Scatter graphics: League 1, 29 Sep 2018

With the majority of EFL clubs now having played 10 matches this season, it’s time to switch the scatter graphics back on in full. These compare the attacking and defensive performances of every team in a division. Each of the four graphics is explained briefly below and at length here.

Shot dominance

First of all, here is how the number of shots taken by each club compares with those they face in return. The average number of shots taken per match is on the horizontal and the average number faced is on the vertical, so bottom right (take plenty, allow few in return) is good while top left (take few, allow plenty) is bad. The stripes are like contours: the greener the stripe, the better the performance (and vice versa for red).

Barnsley continue to stand out as the most dominant side in the division, particularly in attack where they’re having three more shots per match than anyone else. Luton and Southend look capable of rising above their current mid-table position with some very healthy numbers here. Peterborough are in a very confusing position, but the fourth chart below will help to make some sense of this.

Attacking effectiveness

Now let’s look at attacking alone. The horizontal axis stays the same as in the graphic above, but now the vertical shows the average number of shots needed to score each league goal. Therefore bottom right is good (taking lots of shots and needing fewer efforts to convert) and top left is bad:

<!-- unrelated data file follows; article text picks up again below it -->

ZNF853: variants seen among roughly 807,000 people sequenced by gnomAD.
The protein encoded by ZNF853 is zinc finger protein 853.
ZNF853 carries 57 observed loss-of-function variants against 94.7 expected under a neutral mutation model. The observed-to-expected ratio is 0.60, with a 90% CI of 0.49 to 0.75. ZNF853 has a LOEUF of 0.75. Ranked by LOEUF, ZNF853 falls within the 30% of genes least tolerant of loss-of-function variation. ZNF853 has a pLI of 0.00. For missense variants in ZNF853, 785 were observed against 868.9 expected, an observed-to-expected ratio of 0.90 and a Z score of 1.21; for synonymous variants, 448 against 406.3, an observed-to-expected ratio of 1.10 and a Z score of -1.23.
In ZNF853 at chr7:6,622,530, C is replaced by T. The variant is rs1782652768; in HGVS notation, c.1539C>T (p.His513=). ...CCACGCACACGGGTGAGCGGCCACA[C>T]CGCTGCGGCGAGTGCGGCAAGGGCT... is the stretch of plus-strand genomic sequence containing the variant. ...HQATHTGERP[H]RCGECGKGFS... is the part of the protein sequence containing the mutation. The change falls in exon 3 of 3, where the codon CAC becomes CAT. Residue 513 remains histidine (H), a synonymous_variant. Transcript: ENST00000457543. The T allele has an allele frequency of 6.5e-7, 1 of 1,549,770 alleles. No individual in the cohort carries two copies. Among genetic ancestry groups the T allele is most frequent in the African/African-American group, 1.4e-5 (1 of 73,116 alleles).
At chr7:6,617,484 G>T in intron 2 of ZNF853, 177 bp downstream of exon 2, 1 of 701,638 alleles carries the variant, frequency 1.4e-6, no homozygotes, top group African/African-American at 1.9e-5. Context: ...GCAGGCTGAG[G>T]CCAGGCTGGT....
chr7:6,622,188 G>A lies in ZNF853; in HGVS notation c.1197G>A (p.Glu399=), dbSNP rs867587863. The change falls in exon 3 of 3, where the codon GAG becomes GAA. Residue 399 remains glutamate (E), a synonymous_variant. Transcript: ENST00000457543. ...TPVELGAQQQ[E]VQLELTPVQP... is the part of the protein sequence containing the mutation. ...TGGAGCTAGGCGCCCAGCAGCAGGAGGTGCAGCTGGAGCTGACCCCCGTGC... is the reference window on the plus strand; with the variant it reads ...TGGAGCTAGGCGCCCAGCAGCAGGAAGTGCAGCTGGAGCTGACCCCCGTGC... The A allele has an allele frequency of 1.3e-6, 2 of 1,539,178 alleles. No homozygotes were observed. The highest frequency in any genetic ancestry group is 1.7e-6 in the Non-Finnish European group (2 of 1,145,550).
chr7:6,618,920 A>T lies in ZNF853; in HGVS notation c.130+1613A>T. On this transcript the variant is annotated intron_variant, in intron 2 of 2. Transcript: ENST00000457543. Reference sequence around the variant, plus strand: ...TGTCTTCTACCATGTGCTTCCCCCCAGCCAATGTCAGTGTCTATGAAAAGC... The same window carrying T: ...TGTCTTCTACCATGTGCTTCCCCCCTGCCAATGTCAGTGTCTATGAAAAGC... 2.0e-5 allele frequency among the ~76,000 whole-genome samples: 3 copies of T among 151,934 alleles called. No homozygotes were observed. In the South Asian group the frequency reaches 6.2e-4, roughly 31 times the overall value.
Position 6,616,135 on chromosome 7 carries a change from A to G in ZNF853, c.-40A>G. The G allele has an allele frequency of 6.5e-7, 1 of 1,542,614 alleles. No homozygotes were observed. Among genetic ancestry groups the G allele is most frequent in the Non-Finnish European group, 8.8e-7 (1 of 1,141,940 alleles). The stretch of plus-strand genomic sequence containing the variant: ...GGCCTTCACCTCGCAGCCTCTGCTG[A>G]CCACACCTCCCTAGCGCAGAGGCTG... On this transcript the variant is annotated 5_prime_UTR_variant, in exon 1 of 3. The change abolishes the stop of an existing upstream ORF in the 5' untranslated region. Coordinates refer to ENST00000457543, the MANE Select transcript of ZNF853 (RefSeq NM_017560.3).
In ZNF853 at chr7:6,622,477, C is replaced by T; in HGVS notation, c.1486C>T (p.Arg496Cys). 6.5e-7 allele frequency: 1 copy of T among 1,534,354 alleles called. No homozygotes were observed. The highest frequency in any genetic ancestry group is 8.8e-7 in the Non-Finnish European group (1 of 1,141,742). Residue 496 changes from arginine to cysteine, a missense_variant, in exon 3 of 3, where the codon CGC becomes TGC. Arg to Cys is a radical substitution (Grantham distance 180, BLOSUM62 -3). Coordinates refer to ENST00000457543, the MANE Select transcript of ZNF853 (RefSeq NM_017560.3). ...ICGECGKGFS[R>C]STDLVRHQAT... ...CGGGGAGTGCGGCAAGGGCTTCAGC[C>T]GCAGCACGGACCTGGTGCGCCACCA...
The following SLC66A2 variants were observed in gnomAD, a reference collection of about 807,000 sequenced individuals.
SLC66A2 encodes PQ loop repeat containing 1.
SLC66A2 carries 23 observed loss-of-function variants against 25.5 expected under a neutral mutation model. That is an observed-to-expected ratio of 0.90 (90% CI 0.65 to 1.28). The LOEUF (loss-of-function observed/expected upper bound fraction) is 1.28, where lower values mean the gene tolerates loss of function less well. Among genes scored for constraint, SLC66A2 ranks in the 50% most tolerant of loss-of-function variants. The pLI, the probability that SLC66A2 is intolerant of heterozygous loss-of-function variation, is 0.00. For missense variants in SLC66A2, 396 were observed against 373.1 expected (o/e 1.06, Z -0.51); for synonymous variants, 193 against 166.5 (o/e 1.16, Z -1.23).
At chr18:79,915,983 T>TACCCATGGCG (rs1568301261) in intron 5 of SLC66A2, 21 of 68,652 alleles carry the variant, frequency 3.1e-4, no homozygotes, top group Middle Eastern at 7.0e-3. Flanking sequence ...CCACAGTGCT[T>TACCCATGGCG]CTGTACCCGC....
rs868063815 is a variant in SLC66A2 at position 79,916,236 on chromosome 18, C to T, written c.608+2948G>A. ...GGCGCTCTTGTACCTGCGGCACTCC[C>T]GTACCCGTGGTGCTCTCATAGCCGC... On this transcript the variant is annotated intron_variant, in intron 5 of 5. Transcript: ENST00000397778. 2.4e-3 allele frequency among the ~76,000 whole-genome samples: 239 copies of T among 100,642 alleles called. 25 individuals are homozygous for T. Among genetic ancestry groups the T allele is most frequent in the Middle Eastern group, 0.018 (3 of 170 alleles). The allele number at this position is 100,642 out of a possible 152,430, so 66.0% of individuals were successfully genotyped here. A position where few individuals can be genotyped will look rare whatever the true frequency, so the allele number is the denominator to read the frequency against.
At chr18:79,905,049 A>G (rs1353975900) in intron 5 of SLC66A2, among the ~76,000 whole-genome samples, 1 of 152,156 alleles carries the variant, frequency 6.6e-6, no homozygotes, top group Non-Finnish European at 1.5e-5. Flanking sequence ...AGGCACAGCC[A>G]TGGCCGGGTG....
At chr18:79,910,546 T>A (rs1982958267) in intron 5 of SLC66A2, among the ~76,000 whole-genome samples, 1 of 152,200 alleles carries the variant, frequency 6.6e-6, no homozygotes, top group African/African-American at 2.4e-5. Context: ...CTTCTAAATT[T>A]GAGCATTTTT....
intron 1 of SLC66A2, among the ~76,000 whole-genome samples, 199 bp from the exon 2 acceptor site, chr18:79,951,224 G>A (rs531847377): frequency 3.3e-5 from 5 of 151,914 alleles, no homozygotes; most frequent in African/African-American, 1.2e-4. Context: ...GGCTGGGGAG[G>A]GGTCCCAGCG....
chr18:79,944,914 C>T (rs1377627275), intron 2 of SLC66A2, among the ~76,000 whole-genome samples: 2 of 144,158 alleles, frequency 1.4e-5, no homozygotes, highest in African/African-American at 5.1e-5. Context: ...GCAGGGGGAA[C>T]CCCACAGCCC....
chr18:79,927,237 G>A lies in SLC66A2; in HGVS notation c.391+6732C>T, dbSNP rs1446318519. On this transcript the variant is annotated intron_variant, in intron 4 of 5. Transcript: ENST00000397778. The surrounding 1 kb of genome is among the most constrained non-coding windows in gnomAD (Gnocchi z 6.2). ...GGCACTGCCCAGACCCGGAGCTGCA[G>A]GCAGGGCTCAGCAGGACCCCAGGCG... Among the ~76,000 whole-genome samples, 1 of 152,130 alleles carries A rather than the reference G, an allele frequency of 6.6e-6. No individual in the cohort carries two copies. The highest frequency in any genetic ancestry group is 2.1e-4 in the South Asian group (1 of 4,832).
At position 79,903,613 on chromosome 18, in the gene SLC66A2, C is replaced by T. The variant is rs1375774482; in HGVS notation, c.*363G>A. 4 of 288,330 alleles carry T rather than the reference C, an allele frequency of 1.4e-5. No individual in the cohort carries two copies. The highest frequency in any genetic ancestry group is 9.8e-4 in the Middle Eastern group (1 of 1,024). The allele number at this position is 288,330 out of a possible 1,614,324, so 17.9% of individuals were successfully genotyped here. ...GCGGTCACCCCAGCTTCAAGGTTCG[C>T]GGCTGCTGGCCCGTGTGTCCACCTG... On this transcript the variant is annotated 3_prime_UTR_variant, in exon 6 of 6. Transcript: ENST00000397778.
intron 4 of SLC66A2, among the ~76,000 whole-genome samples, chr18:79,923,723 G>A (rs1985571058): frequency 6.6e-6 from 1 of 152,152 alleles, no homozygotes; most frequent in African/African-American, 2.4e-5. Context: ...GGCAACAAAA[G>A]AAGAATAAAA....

Bradford’s struggles have an obvious cause: they’re not creating much and aren’t making good use of the chances that do fall their way. Peterborough have been the most ruthless finishers in the division, taking fewer shots than bottom side Plymouth but needing around five times fewer attempts to find the net on average – I’d expect this to cool off a bit unless something unusual is going on in their attack.

Defensive effectiveness

Next let’s look at the defensive situation – basically take the above chart and replace the word “taken” for “faced” on both axes. Now top left is good – facing fewer shots and able to soak up more per goal conceded – and bottom right is bad:

While both Luton and Southend are allowing impressively few attempts at their goal, the ones that do get through have been disproportionately likely to end up in their net. Oxford and Rochdale have also looked pretty leaky, while Blackpool have proven incredibly tough to break down. Peterborough and Walsall have allowed plenty of chances but both have kept themselves competitive by soaking up a lot of that pressure.

Expected goals

Finally here’s an attempt at correcting the first graphic for the quality of chances created and allowed, using the same “expected goals” values that power my shot timelines (explained here). The reason for doing this is that the results tend to correlate more strongly with performance than when we treat all shots equally:

When we adjust for chance quality, Barnsley are still the standout team by some distance, so if they keep this up then anything less than automatic promotion would be a huge missed opportunity. Compared to the first chart, Peterborough have scuttled into their traditional top right quadrant, suggesting that a high proportion of the chances they create are from good goalscoring positions. Fleetwood look as though they need a bit more guile up front, and an honourable mention has to go to Accrington who have adapted impressively well to life in the third tier.